Sacramental Power and Sacramental Intimacy: Solicited Women and Their Confessors in Colonial Mexico

Saturday, January 9, 2010: 9:20 AM
America's Cup B (Hyatt)
Jessica L. Delgado , Smith College, Northampton, MA
This paper looks at cases of sexual solicitation between priests and their female penitents in 17th and 18th century Mexico for what they reveal about these women’s relationship to priests and the sacraments of confession and communion.  Through an examination of over 100 Inquisition cases, it analyzes the phenomenon of solicitation, the circumstances and strategies of women testifying against priests for this crime, and the diverse relationships of gendered power, sexualized violence, religious intimacy, and even love that such situations represented.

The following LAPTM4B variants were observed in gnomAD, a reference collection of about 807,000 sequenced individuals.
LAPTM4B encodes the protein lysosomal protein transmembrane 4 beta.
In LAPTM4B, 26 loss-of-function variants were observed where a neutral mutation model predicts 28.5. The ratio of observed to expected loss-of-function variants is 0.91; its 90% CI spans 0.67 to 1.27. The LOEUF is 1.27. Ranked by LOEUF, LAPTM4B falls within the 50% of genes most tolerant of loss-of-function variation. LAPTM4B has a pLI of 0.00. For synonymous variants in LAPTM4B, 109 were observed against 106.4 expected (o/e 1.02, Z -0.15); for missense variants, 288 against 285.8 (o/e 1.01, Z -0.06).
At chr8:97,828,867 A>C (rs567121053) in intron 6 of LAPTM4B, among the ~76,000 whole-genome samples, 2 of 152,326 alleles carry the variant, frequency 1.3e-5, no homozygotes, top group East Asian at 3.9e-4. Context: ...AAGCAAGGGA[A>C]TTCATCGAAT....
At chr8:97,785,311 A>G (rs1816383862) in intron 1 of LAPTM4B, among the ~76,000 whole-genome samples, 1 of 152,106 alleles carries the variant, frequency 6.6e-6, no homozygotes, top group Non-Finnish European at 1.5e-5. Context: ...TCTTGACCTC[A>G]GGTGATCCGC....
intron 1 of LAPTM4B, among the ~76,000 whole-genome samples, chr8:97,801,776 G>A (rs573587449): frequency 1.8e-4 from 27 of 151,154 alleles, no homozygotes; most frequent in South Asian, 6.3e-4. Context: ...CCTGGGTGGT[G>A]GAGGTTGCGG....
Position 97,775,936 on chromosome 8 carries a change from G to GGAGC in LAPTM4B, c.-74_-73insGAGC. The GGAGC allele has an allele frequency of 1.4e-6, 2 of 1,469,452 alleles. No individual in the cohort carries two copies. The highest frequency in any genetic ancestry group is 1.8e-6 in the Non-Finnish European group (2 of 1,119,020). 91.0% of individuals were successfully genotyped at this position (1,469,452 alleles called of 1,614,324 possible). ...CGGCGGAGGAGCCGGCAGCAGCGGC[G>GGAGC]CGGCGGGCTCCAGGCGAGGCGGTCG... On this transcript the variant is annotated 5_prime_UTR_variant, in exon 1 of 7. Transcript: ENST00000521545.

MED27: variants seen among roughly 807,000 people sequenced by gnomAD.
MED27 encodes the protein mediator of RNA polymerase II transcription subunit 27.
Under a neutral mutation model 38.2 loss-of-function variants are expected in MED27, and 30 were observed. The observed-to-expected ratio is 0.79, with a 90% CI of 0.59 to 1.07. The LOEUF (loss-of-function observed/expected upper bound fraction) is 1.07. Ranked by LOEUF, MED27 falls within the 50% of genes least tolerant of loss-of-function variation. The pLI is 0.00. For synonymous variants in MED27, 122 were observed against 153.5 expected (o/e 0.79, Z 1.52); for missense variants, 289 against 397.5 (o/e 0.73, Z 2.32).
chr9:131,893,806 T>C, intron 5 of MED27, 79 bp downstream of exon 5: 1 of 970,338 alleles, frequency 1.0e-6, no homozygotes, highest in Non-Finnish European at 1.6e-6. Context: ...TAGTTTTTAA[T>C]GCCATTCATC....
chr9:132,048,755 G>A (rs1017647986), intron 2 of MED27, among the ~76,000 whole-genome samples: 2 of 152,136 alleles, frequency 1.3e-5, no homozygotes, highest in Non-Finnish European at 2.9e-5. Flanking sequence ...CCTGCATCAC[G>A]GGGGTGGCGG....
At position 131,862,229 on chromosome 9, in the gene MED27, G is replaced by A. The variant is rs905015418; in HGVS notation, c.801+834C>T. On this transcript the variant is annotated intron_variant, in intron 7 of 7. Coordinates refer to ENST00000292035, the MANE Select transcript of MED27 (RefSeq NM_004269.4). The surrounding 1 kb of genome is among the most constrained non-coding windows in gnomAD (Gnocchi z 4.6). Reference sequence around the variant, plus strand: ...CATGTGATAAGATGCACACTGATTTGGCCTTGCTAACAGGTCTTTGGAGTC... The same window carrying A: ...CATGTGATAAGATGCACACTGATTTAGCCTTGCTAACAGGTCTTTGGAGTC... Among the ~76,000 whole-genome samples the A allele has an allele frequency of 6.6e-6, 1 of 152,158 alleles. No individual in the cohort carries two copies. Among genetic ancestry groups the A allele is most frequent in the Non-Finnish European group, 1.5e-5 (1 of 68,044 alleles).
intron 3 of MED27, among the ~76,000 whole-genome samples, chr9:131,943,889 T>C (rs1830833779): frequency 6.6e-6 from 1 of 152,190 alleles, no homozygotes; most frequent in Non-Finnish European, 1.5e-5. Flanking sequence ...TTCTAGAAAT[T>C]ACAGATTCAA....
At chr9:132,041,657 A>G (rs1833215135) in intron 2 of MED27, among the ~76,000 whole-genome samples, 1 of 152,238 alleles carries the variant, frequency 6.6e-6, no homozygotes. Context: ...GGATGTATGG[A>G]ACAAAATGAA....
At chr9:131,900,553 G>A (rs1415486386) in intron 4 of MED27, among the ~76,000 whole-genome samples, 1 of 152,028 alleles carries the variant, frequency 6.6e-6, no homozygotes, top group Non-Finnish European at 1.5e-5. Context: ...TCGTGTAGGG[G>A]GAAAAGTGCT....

Solicitation was a crime with which the Inquisition was increasingly and varyingly concerned in the time period under study, but its policing efforts were intended to regulate priests’ misuse of the sacraments, not their relationships with women.  The Inquisition appeared unconcerned about the sacramental, economic, and social power soliciting priests could wield over women and the spiritual health of a penitent thus abused.  Nor was it particularly concerned about the blurring of sexual and spiritual intimacy that sometimes occurred in less coercive situations nonetheless productive of moments of solicitation.  Sexual contact between priest and penitent was only solicitation if it occurred during confession, in the confessional, or using the sacrament of confession as a pretext.  Nonetheless, solicitation trials and investigation reveal a much wider range of sexual, spiritual, emotional, and even economic relationships, interactions, and arrangements.  These relationships are the focus of this paper.